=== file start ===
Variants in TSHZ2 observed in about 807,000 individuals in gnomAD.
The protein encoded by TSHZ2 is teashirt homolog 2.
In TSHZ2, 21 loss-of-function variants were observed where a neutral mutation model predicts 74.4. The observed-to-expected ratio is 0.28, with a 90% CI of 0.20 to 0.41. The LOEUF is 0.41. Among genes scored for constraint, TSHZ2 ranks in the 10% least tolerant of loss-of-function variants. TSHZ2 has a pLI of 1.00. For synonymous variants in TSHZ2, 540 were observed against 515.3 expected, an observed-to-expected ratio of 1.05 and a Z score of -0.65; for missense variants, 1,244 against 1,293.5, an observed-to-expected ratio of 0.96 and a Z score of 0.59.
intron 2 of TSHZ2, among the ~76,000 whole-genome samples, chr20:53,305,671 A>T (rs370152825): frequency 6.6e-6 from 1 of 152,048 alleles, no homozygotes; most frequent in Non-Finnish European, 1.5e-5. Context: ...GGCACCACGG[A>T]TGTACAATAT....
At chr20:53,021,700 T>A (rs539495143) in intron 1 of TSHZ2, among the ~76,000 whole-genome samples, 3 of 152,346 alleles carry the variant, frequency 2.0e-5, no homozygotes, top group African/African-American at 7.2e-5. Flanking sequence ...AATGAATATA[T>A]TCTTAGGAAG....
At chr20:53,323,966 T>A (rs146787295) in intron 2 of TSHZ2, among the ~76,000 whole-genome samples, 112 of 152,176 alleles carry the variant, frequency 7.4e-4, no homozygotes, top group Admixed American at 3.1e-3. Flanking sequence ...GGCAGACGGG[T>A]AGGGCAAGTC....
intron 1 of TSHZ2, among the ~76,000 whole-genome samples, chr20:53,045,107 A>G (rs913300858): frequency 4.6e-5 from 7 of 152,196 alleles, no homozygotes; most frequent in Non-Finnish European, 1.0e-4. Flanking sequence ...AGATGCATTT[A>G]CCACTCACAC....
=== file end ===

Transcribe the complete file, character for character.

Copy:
Variants in TSHZ2 observed in about 807,000 individuals in gnomAD.
The protein encoded by TSHZ2 is teashirt homolog 2.
In TSHZ2, 21 loss-of-function variants were observed where a neutral mutation model predicts 74.4. The observed-to-expected ratio is 0.28, with a 90% CI of 0.20 to 0.41. The LOEUF is 0.41. Among genes scored for constraint, TSHZ2 ranks in the 10% least tolerant of loss-of-function variants. TSHZ2 has a pLI of 1.00. For synonymous variants in TSHZ2, 540 were observed against 515.3 expected, an observed-to-expected ratio of 1.05 and a Z score of -0.65; for missense variants, 1,244 against 1,293.5, an observed-to-expected ratio of 0.96 and a Z score of 0.59.
intron 2 of TSHZ2, among the ~76,000 whole-genome samples, chr20:53,305,671 A>T (rs370152825): frequency 6.6e-6 from 1 of 152,048 alleles, no homozygotes; most frequent in Non-Finnish European, 1.5e-5. Context: ...GGCACCACGG[A>T]TGTACAATAT....
At chr20:53,021,700 T>A (rs539495143) in intron 1 of TSHZ2, among the ~76,000 whole-genome samples, 3 of 152,346 alleles carry the variant, frequency 2.0e-5, no homozygotes, top group African/African-American at 7.2e-5. Flanking sequence ...AATGAATATA[T>A]TCTTAGGAAG....
At chr20:53,323,966 T>A (rs146787295) in intron 2 of TSHZ2, among the ~76,000 whole-genome samples, 112 of 152,176 alleles carry the variant, frequency 7.4e-4, no homozygotes, top group Admixed American at 3.1e-3. Flanking sequence ...GGCAGACGGG[T>A]AGGGCAAGTC....
intron 1 of TSHZ2, among the ~76,000 whole-genome samples, chr20:53,045,107 A>G (rs913300858): frequency 4.6e-5 from 7 of 152,196 alleles, no homozygotes; most frequent in Non-Finnish European, 1.0e-4. Flanking sequence ...AGATGCATTT[A>G]CCACTCACAC....